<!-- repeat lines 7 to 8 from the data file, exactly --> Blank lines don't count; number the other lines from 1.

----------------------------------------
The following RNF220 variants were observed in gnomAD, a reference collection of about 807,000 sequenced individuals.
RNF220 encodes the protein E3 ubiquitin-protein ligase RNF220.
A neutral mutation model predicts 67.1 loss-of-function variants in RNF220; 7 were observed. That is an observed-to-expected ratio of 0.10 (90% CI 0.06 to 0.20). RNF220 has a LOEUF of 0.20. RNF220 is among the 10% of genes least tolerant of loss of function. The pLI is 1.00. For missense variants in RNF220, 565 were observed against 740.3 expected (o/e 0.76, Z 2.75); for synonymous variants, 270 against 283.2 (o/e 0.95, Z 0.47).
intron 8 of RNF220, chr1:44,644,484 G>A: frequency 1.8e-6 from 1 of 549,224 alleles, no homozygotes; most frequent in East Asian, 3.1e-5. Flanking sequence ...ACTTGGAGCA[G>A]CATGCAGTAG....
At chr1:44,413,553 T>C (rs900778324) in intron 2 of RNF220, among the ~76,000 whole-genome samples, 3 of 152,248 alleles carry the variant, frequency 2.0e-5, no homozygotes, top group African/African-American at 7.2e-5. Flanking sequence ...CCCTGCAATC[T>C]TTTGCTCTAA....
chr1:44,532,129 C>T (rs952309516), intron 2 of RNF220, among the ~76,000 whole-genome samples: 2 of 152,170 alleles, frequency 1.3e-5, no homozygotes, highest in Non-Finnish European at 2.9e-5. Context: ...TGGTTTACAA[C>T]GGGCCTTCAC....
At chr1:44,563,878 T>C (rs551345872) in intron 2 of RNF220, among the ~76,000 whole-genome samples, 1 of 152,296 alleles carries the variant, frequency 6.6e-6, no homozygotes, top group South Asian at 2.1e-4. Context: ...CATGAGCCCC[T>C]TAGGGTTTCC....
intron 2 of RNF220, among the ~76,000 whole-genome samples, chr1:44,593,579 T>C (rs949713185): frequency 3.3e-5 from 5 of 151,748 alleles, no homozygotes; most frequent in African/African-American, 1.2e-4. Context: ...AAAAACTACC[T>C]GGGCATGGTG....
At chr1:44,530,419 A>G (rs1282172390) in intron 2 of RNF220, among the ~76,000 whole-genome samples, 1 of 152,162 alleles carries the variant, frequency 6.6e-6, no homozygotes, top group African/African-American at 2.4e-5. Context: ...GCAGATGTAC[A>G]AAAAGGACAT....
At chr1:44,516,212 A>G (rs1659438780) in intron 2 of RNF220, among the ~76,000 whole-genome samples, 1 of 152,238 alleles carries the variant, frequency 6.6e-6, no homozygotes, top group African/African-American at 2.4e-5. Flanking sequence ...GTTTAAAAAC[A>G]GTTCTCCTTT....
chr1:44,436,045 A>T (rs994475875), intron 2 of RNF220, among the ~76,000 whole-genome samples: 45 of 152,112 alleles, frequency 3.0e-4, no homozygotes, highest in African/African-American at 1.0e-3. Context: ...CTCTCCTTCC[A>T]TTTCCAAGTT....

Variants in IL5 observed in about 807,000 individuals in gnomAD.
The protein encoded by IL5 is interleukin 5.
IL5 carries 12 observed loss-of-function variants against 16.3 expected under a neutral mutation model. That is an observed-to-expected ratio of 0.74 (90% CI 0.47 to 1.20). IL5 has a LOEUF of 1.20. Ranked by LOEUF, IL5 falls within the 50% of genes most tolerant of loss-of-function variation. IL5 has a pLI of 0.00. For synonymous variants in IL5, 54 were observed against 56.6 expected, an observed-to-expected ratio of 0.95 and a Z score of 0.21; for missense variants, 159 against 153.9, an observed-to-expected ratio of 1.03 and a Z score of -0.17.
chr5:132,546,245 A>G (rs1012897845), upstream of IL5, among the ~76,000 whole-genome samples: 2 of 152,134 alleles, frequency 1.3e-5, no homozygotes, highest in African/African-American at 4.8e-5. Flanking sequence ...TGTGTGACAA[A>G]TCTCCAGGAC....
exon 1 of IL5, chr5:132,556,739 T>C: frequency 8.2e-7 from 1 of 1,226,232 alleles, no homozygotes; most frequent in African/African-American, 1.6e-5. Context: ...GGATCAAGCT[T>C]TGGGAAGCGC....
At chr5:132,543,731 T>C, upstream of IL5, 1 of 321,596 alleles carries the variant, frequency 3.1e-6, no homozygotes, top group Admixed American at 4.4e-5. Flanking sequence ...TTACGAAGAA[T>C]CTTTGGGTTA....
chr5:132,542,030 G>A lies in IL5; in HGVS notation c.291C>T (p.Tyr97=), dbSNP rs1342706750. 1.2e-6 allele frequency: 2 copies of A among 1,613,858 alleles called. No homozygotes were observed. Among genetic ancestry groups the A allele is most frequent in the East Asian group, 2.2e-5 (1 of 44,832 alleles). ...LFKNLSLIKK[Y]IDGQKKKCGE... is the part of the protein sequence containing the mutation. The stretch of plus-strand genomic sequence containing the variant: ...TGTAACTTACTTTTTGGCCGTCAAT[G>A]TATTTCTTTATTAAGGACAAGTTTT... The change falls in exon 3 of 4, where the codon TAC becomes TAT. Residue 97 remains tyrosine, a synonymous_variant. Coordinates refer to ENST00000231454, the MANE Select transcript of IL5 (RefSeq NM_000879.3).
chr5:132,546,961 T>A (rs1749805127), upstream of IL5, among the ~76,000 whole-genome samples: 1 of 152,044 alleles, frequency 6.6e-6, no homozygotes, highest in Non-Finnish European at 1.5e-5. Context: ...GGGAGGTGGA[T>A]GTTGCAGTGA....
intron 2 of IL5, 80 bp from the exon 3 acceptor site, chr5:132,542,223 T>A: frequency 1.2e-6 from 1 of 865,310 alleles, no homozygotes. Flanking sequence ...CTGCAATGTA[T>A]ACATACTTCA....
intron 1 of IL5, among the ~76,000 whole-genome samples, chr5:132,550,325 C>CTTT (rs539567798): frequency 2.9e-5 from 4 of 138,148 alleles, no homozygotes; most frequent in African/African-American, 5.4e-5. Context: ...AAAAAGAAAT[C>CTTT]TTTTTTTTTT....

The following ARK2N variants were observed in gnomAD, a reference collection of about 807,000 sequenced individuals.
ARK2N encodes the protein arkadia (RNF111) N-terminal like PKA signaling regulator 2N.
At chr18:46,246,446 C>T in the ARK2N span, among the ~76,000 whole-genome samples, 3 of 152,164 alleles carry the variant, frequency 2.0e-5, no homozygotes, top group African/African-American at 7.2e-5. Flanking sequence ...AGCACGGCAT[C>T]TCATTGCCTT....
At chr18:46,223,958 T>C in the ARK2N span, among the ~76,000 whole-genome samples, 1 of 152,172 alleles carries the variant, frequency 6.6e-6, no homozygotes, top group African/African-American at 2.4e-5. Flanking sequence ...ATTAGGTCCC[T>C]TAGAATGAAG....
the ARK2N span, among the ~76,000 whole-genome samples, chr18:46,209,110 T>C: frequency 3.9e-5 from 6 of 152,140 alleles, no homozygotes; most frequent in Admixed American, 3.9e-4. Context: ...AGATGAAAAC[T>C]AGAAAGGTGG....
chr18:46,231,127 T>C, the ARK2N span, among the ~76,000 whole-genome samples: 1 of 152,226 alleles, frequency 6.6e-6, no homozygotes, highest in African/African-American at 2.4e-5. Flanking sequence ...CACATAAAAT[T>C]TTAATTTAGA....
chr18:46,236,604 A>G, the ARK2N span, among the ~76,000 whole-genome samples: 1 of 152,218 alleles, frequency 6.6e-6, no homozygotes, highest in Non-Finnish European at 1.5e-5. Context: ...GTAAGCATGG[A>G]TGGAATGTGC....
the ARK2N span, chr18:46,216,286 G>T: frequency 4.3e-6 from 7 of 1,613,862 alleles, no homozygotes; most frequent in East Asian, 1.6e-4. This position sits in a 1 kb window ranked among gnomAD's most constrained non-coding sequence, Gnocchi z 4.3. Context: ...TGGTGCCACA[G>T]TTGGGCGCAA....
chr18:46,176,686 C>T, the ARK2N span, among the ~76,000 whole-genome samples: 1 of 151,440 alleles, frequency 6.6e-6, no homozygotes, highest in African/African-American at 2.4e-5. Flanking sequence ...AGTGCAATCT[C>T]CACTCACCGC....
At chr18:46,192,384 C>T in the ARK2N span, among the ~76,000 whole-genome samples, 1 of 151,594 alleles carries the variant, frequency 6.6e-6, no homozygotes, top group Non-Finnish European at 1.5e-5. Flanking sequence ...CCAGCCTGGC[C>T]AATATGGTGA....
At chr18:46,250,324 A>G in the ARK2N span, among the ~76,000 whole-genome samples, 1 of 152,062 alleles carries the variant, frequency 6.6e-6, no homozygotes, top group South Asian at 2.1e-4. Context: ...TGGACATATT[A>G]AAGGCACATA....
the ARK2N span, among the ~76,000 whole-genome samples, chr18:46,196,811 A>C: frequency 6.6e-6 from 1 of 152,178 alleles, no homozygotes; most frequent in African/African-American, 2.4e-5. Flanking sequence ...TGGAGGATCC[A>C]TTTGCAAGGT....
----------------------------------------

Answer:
At chr1:44,563,878 T>C (rs551345872) in intron 2 of RNF220, among the ~76,000 whole-genome samples, 1 of 152,296 alleles carries the variant, frequency 6.6e-6, no homozygotes, top group South Asian at 2.1e-4. Context: ...CATGAGCCCC[T>C]TAGGGTTTCC....
intron 2 of RNF220, among the ~76,000 whole-genome samples, chr1:44,593,579 T>C (rs949713185): frequency 3.3e-5 from 5 of 151,748 alleles, no homozygotes; most frequent in African/African-American, 1.2e-4. Context: ...AAAAACTACC[T>C]GGGCATGGTG....